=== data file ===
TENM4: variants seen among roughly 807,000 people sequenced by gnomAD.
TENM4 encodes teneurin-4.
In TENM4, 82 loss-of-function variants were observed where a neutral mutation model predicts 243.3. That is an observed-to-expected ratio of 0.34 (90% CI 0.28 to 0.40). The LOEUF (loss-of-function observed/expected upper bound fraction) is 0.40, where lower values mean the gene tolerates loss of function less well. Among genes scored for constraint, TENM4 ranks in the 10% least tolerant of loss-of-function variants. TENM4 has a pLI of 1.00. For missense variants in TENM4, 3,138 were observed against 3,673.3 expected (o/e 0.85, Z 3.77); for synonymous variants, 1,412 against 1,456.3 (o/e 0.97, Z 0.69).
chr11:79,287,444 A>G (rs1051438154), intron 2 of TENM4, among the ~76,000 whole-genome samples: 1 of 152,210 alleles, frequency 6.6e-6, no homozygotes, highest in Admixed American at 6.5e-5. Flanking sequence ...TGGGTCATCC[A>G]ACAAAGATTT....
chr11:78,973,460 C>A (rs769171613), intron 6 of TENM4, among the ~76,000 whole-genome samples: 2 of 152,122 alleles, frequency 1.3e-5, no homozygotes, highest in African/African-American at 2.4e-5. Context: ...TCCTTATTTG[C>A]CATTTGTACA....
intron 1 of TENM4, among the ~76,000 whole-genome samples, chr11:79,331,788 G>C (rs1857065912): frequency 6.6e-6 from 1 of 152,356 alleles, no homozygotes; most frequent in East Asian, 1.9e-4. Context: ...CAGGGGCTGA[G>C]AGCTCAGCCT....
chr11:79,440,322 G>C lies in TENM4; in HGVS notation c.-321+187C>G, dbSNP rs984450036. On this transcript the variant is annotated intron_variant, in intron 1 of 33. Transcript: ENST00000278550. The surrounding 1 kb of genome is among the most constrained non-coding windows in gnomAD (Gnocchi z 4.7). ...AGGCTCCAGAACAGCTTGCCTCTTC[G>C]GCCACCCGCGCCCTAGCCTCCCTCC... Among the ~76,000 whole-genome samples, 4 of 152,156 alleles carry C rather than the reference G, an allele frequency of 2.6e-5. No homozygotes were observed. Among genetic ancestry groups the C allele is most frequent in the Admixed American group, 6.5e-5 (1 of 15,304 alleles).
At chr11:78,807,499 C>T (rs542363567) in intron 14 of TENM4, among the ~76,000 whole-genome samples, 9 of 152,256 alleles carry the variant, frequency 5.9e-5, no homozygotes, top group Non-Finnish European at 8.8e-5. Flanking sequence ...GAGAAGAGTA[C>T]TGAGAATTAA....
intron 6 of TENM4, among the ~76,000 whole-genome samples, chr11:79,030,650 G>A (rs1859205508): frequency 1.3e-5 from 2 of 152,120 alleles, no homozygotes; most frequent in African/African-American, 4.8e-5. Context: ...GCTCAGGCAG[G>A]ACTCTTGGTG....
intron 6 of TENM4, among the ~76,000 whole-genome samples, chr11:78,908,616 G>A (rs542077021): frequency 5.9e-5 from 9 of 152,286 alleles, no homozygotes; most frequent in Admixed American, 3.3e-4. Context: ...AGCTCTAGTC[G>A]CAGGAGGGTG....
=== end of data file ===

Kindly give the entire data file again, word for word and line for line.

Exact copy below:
TENM4: variants seen among roughly 807,000 people sequenced by gnomAD.
TENM4 encodes teneurin-4.
In TENM4, 82 loss-of-function variants were observed where a neutral mutation model predicts 243.3. That is an observed-to-expected ratio of 0.34 (90% CI 0.28 to 0.40). The LOEUF (loss-of-function observed/expected upper bound fraction) is 0.40, where lower values mean the gene tolerates loss of function less well. Among genes scored for constraint, TENM4 ranks in the 10% least tolerant of loss-of-function variants. TENM4 has a pLI of 1.00. For missense variants in TENM4, 3,138 were observed against 3,673.3 expected (o/e 0.85, Z 3.77); for synonymous variants, 1,412 against 1,456.3 (o/e 0.97, Z 0.69).
chr11:79,287,444 A>G (rs1051438154), intron 2 of TENM4, among the ~76,000 whole-genome samples: 1 of 152,210 alleles, frequency 6.6e-6, no homozygotes, highest in Admixed American at 6.5e-5. Flanking sequence ...TGGGTCATCC[A>G]ACAAAGATTT....
chr11:78,973,460 C>A (rs769171613), intron 6 of TENM4, among the ~76,000 whole-genome samples: 2 of 152,122 alleles, frequency 1.3e-5, no homozygotes, highest in African/African-American at 2.4e-5. Context: ...TCCTTATTTG[C>A]CATTTGTACA....
intron 1 of TENM4, among the ~76,000 whole-genome samples, chr11:79,331,788 G>C (rs1857065912): frequency 6.6e-6 from 1 of 152,356 alleles, no homozygotes; most frequent in East Asian, 1.9e-4. Context: ...CAGGGGCTGA[G>C]AGCTCAGCCT....
chr11:79,440,322 G>C lies in TENM4; in HGVS notation c.-321+187C>G, dbSNP rs984450036. On this transcript the variant is annotated intron_variant, in intron 1 of 33. Transcript: ENST00000278550. The surrounding 1 kb of genome is among the most constrained non-coding windows in gnomAD (Gnocchi z 4.7). ...AGGCTCCAGAACAGCTTGCCTCTTC[G>C]GCCACCCGCGCCCTAGCCTCCCTCC... Among the ~76,000 whole-genome samples, 4 of 152,156 alleles carry C rather than the reference G, an allele frequency of 2.6e-5. No homozygotes were observed. Among genetic ancestry groups the C allele is most frequent in the Admixed American group, 6.5e-5 (1 of 15,304 alleles).
At chr11:78,807,499 C>T (rs542363567) in intron 14 of TENM4, among the ~76,000 whole-genome samples, 9 of 152,256 alleles carry the variant, frequency 5.9e-5, no homozygotes, top group Non-Finnish European at 8.8e-5. Flanking sequence ...GAGAAGAGTA[C>T]TGAGAATTAA....
intron 6 of TENM4, among the ~76,000 whole-genome samples, chr11:79,030,650 G>A (rs1859205508): frequency 1.3e-5 from 2 of 152,120 alleles, no homozygotes; most frequent in African/African-American, 4.8e-5. Context: ...GCTCAGGCAG[G>A]ACTCTTGGTG....
intron 6 of TENM4, among the ~76,000 whole-genome samples, chr11:78,908,616 G>A (rs542077021): frequency 5.9e-5 from 9 of 152,286 alleles, no homozygotes; most frequent in Admixed American, 3.3e-4. Context: ...AGCTCTAGTC[G>A]CAGGAGGGTG....